Cancer cells love glucose, the simple sugar the body uses for energy, so a high-fat, low-carb diet should starve them, right?
Where does this idea come from? Most cancer cells display enhanced glucose uptake, a phenomenon known as the Warburg effect, after 1931 Nobel Prize winner Otto Warburg.
Resurgent interest in exploiting the Warburg effect was described by Sam Apple in NYT Magazine and by Bret Stetka for NPR. High-fat, low-carb “ketogenic” diets are known to be effective against some types of epilepsy, and have also been explored by endurance athletes. Ketogenic diets have been tried as a clinical countermeasure against cancer in a limited way, mainly in brain cancer.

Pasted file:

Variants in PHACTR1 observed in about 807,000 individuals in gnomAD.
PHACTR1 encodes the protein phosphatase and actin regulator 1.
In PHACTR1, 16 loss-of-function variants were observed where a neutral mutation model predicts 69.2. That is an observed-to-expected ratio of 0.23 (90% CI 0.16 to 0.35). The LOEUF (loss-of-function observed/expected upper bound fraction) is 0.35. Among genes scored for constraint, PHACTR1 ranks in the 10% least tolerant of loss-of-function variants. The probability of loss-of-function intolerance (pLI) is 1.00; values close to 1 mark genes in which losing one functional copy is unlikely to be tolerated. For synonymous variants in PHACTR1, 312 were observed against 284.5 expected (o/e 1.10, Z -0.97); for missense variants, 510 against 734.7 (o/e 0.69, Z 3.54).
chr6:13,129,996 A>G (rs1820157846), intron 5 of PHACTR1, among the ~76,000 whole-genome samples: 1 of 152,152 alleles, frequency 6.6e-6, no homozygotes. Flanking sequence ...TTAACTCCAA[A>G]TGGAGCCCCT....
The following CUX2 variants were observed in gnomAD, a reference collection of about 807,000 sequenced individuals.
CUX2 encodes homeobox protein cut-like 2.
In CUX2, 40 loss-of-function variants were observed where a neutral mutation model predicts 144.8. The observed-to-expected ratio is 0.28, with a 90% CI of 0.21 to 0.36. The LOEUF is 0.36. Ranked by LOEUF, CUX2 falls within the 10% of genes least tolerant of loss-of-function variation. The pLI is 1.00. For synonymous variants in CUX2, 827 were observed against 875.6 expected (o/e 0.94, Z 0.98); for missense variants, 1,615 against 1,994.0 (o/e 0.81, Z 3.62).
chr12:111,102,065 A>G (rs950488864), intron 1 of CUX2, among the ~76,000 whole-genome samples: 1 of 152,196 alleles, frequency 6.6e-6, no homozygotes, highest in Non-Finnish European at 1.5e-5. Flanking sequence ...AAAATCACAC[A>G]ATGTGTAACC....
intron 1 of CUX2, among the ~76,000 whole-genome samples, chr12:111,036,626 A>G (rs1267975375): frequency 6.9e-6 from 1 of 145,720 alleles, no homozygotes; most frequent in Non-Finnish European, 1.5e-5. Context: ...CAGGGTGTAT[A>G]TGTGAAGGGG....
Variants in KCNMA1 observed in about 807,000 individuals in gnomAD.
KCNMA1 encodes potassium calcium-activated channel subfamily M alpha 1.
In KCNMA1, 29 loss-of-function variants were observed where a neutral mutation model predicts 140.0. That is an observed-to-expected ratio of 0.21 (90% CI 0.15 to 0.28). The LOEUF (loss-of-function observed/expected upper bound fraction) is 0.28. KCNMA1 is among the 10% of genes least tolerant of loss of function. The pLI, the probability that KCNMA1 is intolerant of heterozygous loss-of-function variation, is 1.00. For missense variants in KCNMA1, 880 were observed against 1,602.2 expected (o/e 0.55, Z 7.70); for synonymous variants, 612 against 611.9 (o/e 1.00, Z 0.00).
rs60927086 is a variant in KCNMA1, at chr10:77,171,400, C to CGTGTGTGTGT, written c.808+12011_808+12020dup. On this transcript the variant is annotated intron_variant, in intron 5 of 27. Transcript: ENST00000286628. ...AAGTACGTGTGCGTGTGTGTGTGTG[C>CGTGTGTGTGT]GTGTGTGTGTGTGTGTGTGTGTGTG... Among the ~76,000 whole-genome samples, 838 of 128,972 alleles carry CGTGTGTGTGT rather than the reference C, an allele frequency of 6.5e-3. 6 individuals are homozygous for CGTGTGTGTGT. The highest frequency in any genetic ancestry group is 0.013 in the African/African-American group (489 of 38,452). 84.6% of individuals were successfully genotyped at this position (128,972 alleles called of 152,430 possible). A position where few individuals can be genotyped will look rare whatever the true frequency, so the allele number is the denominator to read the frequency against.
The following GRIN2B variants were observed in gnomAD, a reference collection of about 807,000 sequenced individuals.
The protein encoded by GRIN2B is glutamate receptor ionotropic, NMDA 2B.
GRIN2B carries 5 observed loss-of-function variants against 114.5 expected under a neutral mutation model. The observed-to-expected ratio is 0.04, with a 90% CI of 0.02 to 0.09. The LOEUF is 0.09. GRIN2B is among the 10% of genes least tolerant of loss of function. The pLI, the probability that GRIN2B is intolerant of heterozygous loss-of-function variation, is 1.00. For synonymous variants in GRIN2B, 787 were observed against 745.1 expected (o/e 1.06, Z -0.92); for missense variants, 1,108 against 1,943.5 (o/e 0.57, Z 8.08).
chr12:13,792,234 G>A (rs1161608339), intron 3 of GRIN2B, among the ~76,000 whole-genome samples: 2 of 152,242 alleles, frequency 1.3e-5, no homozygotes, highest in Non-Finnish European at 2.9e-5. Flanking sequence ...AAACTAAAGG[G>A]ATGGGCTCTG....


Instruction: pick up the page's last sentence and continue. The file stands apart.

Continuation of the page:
Before everybody gets too excited, let’s think about how particular cancer-driving mutations affect cell metabolism, suggests Winship Cancer Institute researcher Jing Chen. His team’s work in mice suggests that cancers with a common melanoma mutation (BRAF V600E) will grow faster in response to a ketogenic diet. In addition, the Winship researchers found that lipid-lowering agents such as statins curb these cancers’ growth, even in the context of a more normal diet.
The results were published on January 12 in Cell Metabolism.
Caveats: the findings cover just one mutation and need to be tested clinically.
Consumers and cancer patients already get a lot of advice about the right diet to fight cancer, but this research points toward an intriguing concept: a “precision diet,” tailored to an individual patient’s cancer. Read more